The debate around the religious discrimination bill and the rights of trans students has made one Anglican priest ashamed to be part of a religious institution.
Father Peter MacLeod-Miller of St Matthew's Church in Albury said he's personally buried trans individuals and is deeply worried the national debate and passing of the bill could put more children and adults at risk.
"It makes me ashamed to belong to religious institution," he said.
"I feel like an executive in a tobacco company."
Father MacLeod-Miller welcome the senate's decision to amend the motion to abolish the rights of schools to discriminate against gay or trans students.
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He is nonetheless "perplexed by the priorities of the government" and believes the debate and bill will lead to a harmful secrecy among gender diverse students.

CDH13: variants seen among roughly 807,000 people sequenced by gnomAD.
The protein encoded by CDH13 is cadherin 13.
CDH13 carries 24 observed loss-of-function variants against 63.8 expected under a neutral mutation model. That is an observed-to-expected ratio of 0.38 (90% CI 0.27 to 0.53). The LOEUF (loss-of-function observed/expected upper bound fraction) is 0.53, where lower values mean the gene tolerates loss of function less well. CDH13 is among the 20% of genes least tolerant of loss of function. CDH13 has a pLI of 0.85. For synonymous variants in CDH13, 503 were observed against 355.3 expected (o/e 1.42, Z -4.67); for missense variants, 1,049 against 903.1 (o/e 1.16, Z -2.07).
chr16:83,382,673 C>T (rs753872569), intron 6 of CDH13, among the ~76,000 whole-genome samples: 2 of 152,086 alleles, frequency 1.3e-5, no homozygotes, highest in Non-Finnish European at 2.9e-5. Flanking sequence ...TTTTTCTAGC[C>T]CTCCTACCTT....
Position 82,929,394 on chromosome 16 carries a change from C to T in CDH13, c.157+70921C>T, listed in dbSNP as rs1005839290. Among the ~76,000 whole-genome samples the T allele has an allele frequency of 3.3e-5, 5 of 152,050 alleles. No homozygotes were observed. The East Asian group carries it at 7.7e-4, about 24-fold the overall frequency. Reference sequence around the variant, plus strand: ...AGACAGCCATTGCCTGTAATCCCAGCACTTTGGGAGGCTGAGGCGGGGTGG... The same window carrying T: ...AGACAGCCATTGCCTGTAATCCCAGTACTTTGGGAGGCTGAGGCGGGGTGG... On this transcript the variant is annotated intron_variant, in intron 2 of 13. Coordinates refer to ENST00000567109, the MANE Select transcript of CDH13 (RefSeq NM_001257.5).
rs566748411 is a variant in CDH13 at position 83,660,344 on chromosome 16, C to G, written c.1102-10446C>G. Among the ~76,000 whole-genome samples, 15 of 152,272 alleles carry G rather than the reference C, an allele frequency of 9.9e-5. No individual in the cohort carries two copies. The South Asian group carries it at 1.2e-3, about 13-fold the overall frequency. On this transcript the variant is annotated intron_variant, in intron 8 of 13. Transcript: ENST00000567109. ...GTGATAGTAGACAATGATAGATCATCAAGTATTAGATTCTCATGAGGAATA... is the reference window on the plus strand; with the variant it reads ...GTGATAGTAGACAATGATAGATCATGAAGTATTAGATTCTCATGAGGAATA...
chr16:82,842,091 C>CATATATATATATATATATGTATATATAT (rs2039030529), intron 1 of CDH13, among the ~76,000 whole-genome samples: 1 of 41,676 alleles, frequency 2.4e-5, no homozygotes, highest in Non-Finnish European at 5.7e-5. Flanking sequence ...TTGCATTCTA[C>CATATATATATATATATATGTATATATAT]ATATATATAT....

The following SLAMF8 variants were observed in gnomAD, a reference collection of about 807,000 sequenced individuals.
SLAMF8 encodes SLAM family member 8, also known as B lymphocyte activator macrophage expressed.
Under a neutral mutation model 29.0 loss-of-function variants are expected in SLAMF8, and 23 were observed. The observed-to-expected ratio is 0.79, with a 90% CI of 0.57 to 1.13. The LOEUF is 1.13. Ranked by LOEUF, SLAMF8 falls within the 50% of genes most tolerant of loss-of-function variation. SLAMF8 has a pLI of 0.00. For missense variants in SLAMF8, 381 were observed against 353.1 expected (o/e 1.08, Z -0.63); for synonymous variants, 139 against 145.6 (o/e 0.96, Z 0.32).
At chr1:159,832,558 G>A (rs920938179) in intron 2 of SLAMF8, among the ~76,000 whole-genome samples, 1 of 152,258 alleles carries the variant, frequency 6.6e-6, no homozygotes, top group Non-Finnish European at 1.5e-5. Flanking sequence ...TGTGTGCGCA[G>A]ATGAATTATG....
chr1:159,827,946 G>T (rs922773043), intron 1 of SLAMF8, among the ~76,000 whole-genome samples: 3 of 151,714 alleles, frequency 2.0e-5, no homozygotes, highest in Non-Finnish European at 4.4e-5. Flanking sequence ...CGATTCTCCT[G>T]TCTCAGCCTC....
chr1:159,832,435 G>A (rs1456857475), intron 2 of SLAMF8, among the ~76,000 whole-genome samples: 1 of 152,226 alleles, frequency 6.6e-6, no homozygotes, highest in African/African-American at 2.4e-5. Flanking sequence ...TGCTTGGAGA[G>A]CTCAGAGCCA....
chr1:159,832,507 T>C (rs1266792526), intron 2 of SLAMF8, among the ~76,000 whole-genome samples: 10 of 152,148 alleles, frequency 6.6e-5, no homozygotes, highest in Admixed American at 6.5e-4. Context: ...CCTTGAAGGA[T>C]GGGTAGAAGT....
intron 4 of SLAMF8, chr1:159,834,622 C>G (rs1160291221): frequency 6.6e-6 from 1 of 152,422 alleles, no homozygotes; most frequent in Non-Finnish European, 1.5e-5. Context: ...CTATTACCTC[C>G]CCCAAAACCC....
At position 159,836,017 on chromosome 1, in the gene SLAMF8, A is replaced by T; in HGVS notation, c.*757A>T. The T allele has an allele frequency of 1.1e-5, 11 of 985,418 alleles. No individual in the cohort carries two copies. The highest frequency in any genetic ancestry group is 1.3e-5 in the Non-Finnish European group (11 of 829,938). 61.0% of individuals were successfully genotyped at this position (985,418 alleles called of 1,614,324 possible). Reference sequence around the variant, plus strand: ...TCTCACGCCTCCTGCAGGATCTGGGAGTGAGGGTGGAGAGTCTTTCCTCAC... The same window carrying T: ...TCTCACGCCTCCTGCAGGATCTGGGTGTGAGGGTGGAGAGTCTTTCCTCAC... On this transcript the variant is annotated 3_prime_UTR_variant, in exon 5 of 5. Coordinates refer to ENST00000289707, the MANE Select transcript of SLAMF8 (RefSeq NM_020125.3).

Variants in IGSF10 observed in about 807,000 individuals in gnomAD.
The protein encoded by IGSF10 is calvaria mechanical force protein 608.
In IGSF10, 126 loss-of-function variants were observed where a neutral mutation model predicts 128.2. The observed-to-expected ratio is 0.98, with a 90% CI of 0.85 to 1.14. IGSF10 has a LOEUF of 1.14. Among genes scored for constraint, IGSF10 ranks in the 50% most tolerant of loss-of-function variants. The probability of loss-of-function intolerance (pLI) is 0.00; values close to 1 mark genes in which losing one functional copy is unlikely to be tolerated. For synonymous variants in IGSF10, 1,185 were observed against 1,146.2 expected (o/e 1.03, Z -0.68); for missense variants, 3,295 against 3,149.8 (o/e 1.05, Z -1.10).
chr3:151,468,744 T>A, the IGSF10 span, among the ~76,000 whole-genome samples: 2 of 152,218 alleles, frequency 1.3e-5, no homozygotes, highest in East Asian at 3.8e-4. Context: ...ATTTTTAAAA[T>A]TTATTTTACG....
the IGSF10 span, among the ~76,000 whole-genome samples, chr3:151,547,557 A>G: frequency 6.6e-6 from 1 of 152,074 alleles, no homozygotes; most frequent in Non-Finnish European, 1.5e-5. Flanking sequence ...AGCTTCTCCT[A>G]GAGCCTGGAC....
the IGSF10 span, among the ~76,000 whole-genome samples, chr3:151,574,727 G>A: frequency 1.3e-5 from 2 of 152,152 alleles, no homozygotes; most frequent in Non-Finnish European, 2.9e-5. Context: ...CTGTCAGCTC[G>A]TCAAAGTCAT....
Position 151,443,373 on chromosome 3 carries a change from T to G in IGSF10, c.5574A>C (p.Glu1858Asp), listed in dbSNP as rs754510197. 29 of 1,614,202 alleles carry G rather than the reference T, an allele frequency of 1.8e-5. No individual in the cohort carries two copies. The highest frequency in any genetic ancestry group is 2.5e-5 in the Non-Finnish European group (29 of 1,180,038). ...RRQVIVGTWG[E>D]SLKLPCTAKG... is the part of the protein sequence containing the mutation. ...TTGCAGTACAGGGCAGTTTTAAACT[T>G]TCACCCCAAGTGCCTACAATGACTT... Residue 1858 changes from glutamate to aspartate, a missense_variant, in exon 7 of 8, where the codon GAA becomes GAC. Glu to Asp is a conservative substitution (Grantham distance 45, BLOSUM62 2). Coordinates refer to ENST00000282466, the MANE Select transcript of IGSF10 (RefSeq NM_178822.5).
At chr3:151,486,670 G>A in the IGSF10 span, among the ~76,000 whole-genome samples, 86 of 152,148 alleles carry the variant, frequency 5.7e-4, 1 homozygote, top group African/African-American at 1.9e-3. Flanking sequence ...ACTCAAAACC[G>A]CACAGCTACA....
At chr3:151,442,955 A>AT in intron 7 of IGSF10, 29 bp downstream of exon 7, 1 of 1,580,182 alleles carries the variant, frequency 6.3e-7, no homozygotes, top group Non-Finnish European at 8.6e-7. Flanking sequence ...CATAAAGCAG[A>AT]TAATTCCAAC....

"You need to ask who is going to bear cost of this?" he said. "It's going be most vulnerable people.
"Trans children and adults are already at risk and it says something really ugly about politicians that they're willing to make trans people collateral damage in the Prime Minister's legislative agenda."
Father MacLeod-Miller believes the bill is 'political payback' for the passage of the marriage equality bill.
"I can't understand why religious institutions are so focused on discrimination," he said.
"When you realise the genesis of the bill, it's not because vulnerable individuals are asking for greater protections. It's basically political payback.
"Any person with the slightest understanding of the marriage equality legislative journey would understand there's a trade off now, that passed and there was a promise to religious institutions that they would be given weapon for the future."
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